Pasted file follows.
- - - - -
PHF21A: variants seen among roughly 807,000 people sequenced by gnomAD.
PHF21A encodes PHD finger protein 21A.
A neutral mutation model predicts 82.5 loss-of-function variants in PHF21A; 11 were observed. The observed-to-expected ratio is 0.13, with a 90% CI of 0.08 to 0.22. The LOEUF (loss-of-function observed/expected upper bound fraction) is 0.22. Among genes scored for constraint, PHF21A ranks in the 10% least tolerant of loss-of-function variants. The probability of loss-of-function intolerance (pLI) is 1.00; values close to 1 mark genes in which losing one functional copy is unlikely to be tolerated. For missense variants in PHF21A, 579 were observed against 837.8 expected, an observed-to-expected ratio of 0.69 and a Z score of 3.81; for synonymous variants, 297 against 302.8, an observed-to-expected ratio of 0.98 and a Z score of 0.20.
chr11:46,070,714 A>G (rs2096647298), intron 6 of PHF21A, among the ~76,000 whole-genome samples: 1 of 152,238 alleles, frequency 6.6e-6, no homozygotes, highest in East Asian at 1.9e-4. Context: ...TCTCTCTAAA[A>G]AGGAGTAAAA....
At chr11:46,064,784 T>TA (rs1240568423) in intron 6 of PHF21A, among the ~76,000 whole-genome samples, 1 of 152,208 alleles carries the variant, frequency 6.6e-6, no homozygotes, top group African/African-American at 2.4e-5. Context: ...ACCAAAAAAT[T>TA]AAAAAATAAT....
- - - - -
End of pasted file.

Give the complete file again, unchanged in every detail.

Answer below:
PHF21A: variants seen among roughly 807,000 people sequenced by gnomAD.
PHF21A encodes PHD finger protein 21A.
A neutral mutation model predicts 82.5 loss-of-function variants in PHF21A; 11 were observed. The observed-to-expected ratio is 0.13, with a 90% CI of 0.08 to 0.22. The LOEUF (loss-of-function observed/expected upper bound fraction) is 0.22. Among genes scored for constraint, PHF21A ranks in the 10% least tolerant of loss-of-function variants. The probability of loss-of-function intolerance (pLI) is 1.00; values close to 1 mark genes in which losing one functional copy is unlikely to be tolerated. For missense variants in PHF21A, 579 were observed against 837.8 expected, an observed-to-expected ratio of 0.69 and a Z score of 3.81; for synonymous variants, 297 against 302.8, an observed-to-expected ratio of 0.98 and a Z score of 0.20.
chr11:46,070,714 A>G (rs2096647298), intron 6 of PHF21A, among the ~76,000 whole-genome samples: 1 of 152,238 alleles, frequency 6.6e-6, no homozygotes, highest in East Asian at 1.9e-4. Context: ...TCTCTCTAAA[A>G]AGGAGTAAAA....
At chr11:46,064,784 T>TA (rs1240568423) in intron 6 of PHF21A, among the ~76,000 whole-genome samples, 1 of 152,208 alleles carries the variant, frequency 6.6e-6, no homozygotes, top group African/African-American at 2.4e-5. Context: ...ACCAAAAAAT[T>TA]AAAAAATAAT....